Taken together, these results show that dmLT enhances IL-17A responses to ETEC LTB and pneumococcal WCA, while having variable effects on IFN-γ responses to these two different types of antigen.
dmLT is a promising mucosal adjuvant candidate, but little is currently known about the mechanisms responsible for the adjuvant effect or whether dmLT has an adjuvant function in humans. In this study, we show that dmLT can enhance human IL-17A responses in PBMCs to the model bacterial antigen PPD in BCG immunised individuals, while having little effect on IFN-γ production or proliferation in response to this antigen. Depletion experiments verified that the IL-17A produced by PBMCs in the presence of PPD in combination with dmLT primarily originated from CD4+ T cells. We focused our studies on responses to PPD, since IL-17A has been shown to be produced by T cells specific for mycobacteria in humans and to play an important role in protection against mycobacterial infection in mice , , . We also analysed effects of dmLT on responses to pneumococcal whole cell vaccine antigen in individuals naturally exposed to S. pneumoniae. IL-17A has been shown to be of critical importance for the protection against pneumococcal colonisation in mice immunised with pneumococcal whole cell vaccine or naturally exposed to live pneumococcal bacteria , , likely via recruitment and/or activation of neutrophils and macrophages , . Furthermore, sublingual administration of dmLT together with WCA significantly reduces pneumococcal colonisation and enhances IL-17A production . We found that dmLT could enhance IL-17A responses to pneumococcal WCA in PBMCs. In contrast, IFN-γ responses to this antigen were suppressed, which is noteworthy considering that IFN-γ is not necessary for protection against pneumococcal colonisation in mice immunised with pneumococcal WCA .
Recent preclinical studies of an oral killed whole cell ETEC vaccine suggest that dmLT can also enhance mucosal and systemic IgA responses to LTB, as well as to ETEC colonisation factors in mice (J. Holmgren, personal communication). Therefore, we also tested the effect of dmLT in in vitro cultures of PBMCs isolated from human volunteers orally immunised with prototype oral killed whole cell ETEC vaccines containing an LTB/CTB toxoid component. We found that dmLT could enhance both IL-17A and IFN-γ responses to ETEC LTB. Mucosal antibodies are known to be the major protective mechanism against ETEC infection, whereas T cells may play a more indirect role, such as promoting antibody responses and memory development. In line with such a role, recent studies suggest that IL-17A can support antibody dependent protection via a variety of mechanisms, including enhancement of B cell recruitment, germinal centre formation and IgA production, as well as increase the secretion of IgA over epithelial cells as a result of enhanced expression of the poly-Ig receptor , , , , , . Our observations of the ability of dmLT to enhance IFN-γ responses to LTB in individuals immunised with ETEC vaccines, as well as to promote IL-13 production in response to PHA, also suggests that dmLT has the potential to influence antibody production via increased Th1 and/or Th2 responses.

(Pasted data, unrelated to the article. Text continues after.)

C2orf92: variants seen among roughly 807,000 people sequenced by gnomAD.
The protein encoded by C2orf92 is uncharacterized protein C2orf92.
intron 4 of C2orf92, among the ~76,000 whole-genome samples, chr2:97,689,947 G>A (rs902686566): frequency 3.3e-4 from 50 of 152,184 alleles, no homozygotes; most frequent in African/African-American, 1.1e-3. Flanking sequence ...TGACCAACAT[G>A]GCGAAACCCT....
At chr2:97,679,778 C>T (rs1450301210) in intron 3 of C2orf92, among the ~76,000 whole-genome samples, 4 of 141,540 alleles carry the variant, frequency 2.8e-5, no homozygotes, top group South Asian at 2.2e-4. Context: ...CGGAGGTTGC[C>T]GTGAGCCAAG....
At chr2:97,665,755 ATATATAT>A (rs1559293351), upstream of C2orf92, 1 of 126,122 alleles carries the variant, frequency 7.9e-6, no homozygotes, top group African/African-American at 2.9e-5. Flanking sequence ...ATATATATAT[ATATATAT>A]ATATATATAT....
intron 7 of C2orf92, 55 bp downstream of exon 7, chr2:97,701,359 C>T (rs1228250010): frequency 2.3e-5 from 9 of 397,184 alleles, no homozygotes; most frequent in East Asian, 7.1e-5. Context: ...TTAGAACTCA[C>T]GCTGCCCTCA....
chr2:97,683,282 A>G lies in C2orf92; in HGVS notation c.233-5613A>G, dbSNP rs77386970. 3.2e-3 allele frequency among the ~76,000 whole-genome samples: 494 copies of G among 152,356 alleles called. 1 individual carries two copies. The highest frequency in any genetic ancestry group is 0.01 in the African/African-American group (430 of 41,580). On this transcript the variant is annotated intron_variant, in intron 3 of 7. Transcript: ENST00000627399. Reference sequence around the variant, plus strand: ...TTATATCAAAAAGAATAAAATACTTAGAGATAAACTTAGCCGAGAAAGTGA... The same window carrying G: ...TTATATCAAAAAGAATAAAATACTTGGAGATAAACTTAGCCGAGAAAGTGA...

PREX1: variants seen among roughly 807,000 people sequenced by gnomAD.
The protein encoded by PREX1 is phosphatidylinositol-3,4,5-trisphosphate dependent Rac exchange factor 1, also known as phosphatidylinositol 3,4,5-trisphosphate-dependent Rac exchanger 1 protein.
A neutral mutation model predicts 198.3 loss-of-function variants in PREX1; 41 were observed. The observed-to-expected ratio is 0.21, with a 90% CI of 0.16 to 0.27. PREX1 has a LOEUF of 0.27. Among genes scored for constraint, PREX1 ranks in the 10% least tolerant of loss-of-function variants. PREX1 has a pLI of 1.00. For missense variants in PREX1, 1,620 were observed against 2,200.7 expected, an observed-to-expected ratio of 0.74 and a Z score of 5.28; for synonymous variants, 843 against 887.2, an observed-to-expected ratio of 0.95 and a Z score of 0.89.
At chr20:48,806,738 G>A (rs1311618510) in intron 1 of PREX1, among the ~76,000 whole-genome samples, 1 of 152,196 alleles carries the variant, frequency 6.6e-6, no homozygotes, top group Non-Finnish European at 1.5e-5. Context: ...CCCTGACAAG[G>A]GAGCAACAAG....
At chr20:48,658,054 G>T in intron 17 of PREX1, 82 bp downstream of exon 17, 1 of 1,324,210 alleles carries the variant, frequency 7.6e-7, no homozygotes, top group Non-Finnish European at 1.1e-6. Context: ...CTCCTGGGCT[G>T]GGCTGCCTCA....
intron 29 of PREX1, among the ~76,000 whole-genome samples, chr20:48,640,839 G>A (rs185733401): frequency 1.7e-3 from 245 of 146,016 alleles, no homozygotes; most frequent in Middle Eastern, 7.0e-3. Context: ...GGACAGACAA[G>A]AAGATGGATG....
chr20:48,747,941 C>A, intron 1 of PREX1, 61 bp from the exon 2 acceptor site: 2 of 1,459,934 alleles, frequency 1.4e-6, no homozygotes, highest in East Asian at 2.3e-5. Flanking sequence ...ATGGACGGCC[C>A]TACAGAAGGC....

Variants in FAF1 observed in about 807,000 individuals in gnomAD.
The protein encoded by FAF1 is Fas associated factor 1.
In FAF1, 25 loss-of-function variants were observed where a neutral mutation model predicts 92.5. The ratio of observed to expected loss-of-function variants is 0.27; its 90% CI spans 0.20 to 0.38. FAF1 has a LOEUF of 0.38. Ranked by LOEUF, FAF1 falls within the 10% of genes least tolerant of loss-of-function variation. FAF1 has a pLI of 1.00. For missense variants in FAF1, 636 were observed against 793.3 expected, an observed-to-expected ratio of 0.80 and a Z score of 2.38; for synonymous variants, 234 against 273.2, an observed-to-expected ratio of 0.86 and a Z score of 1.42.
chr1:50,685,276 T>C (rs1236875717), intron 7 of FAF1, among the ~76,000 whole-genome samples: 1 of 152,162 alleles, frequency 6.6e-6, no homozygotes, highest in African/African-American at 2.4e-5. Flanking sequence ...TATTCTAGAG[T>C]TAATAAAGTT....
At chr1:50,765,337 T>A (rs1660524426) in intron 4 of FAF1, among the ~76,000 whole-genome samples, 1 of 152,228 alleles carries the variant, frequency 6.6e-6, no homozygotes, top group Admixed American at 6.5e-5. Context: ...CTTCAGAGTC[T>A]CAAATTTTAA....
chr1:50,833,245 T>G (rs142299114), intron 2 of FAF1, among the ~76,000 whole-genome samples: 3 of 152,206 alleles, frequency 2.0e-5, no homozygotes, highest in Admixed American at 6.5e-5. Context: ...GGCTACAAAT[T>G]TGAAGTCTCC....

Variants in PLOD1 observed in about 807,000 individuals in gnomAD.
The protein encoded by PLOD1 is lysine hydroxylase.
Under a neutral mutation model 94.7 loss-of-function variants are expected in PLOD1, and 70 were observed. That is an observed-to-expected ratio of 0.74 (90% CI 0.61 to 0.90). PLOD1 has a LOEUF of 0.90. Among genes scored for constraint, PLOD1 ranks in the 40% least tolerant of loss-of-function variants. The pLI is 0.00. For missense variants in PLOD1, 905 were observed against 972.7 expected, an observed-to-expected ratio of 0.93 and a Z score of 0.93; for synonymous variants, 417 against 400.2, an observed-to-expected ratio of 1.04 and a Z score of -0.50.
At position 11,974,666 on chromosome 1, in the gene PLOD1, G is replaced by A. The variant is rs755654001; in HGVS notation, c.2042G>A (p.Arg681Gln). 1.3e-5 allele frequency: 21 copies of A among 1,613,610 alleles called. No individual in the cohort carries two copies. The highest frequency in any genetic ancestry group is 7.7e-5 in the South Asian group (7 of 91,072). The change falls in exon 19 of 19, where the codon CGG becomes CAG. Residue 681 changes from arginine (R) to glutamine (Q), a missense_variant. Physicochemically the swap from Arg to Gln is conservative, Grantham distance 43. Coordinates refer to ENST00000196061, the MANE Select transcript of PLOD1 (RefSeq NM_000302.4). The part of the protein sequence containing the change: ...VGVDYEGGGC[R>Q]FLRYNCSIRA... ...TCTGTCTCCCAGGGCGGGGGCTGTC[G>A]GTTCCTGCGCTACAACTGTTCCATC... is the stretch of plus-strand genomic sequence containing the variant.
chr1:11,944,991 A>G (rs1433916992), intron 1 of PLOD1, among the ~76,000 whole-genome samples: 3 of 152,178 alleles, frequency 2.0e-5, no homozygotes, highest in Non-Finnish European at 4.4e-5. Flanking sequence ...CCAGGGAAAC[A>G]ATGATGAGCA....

While the in vivo adjuvanticity of dmLT remains to be demonstrated in humans, mLT has already been shown to enhance IgA antibody secreting cells as well as IFN-γ responses to a killed whole cell Campylobacter jejuni vaccine in a clinical trial , . When we compared dmLT and mLT in our in vitro assay, we found that these molecules enhanced IL-17A responses to a similar extent. Our findings are consistent with in vivo data from mice, showing that dmLT and mLT have a comparable adjuvant function , . Our in vitro data also show that in most volunteers LT and CT enhanced IL-17A responses in PBMCs even more potently than dmLT or mLT when tested at 1 µg/ml. However, at the highest concentration tested (10 µg/ml), CT induced lower levels of IL-17A in most subjects, while LT, dmLT and mLT efficiently enhanced IL-17A production further, which may suggest a toxic or suppressive effect of CT on PBMCs at this concentration. LTB had no effect on IL-17A responses, which is consistent with recent data suggesting that IL-17 induction by LT derivatives is dependent on the presence of an enzymatically active A-subunit . While both CT and LT are clearly too toxic to be used as adjuvants in humans, mLT has reduced enterotoxicity. However, mLT has been shown to cause diarrhoea in a small proportion of human volunteers given a high dose of mLT alone (100 µg) or a moderate dose of mLT (25 µg) in combination with the Campylobacter vaccine, limiting the practical use of this adjuvant in humans , . In contrast, dmLT did not show any signs of enterotoxicity when recently tested alone at high oral doses in a clinical study (100 µg) or in preclinical tests (L. Bourgeois, personal communication and ). The comparable in vitro performance of dmLT and mLT demonstrated here provide further support that dmLT may be successfully used as an adjuvant in humans.